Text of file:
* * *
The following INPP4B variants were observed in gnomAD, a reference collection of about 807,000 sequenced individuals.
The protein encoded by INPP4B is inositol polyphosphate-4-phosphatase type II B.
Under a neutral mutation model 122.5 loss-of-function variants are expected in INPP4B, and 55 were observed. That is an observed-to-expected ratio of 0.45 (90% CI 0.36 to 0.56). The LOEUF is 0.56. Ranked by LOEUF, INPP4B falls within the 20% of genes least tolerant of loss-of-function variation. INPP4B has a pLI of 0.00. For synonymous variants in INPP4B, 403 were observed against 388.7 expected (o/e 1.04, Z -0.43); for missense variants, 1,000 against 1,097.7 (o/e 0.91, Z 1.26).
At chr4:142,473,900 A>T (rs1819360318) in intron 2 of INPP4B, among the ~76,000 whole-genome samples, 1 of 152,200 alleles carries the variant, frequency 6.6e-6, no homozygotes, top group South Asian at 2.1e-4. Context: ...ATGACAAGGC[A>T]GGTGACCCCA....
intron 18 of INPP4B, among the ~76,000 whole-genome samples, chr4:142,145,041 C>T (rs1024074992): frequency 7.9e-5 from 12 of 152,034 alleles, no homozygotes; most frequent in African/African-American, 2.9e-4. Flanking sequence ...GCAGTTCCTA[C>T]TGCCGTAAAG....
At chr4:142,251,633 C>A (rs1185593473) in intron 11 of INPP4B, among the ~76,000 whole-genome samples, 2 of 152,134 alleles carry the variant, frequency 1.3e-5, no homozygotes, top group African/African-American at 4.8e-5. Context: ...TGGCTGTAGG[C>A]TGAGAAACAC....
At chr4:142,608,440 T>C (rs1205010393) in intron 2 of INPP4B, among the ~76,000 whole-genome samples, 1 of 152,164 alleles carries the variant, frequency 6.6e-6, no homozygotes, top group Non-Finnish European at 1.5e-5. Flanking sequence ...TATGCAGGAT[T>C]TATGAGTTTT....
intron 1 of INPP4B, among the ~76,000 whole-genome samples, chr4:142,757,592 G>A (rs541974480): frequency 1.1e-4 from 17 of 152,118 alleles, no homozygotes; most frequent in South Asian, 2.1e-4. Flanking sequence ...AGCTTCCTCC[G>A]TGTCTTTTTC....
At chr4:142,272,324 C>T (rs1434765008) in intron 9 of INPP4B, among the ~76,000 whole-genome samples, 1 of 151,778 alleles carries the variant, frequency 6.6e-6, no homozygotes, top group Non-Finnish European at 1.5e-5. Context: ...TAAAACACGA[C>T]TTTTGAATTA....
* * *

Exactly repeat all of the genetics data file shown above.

The following INPP4B variants were observed in gnomAD, a reference collection of about 807,000 sequenced individuals.
The protein encoded by INPP4B is inositol polyphosphate-4-phosphatase type II B.
Under a neutral mutation model 122.5 loss-of-function variants are expected in INPP4B, and 55 were observed. That is an observed-to-expected ratio of 0.45 (90% CI 0.36 to 0.56). The LOEUF is 0.56. Ranked by LOEUF, INPP4B falls within the 20% of genes least tolerant of loss-of-function variation. INPP4B has a pLI of 0.00. For synonymous variants in INPP4B, 403 were observed against 388.7 expected (o/e 1.04, Z -0.43); for missense variants, 1,000 against 1,097.7 (o/e 0.91, Z 1.26).
At chr4:142,473,900 A>T (rs1819360318) in intron 2 of INPP4B, among the ~76,000 whole-genome samples, 1 of 152,200 alleles carries the variant, frequency 6.6e-6, no homozygotes, top group South Asian at 2.1e-4. Context: ...ATGACAAGGC[A>T]GGTGACCCCA....
intron 18 of INPP4B, among the ~76,000 whole-genome samples, chr4:142,145,041 C>T (rs1024074992): frequency 7.9e-5 from 12 of 152,034 alleles, no homozygotes; most frequent in African/African-American, 2.9e-4. Flanking sequence ...GCAGTTCCTA[C>T]TGCCGTAAAG....
At chr4:142,251,633 C>A (rs1185593473) in intron 11 of INPP4B, among the ~76,000 whole-genome samples, 2 of 152,134 alleles carry the variant, frequency 1.3e-5, no homozygotes, top group African/African-American at 4.8e-5. Context: ...TGGCTGTAGG[C>A]TGAGAAACAC....
At chr4:142,608,440 T>C (rs1205010393) in intron 2 of INPP4B, among the ~76,000 whole-genome samples, 1 of 152,164 alleles carries the variant, frequency 6.6e-6, no homozygotes, top group Non-Finnish European at 1.5e-5. Flanking sequence ...TATGCAGGAT[T>C]TATGAGTTTT....
intron 1 of INPP4B, among the ~76,000 whole-genome samples, chr4:142,757,592 G>A (rs541974480): frequency 1.1e-4 from 17 of 152,118 alleles, no homozygotes; most frequent in South Asian, 2.1e-4. Flanking sequence ...AGCTTCCTCC[G>A]TGTCTTTTTC....
At chr4:142,272,324 C>T (rs1434765008) in intron 9 of INPP4B, among the ~76,000 whole-genome samples, 1 of 151,778 alleles carries the variant, frequency 6.6e-6, no homozygotes, top group Non-Finnish European at 1.5e-5. Context: ...TAAAACACGA[C>T]TTTTGAATTA....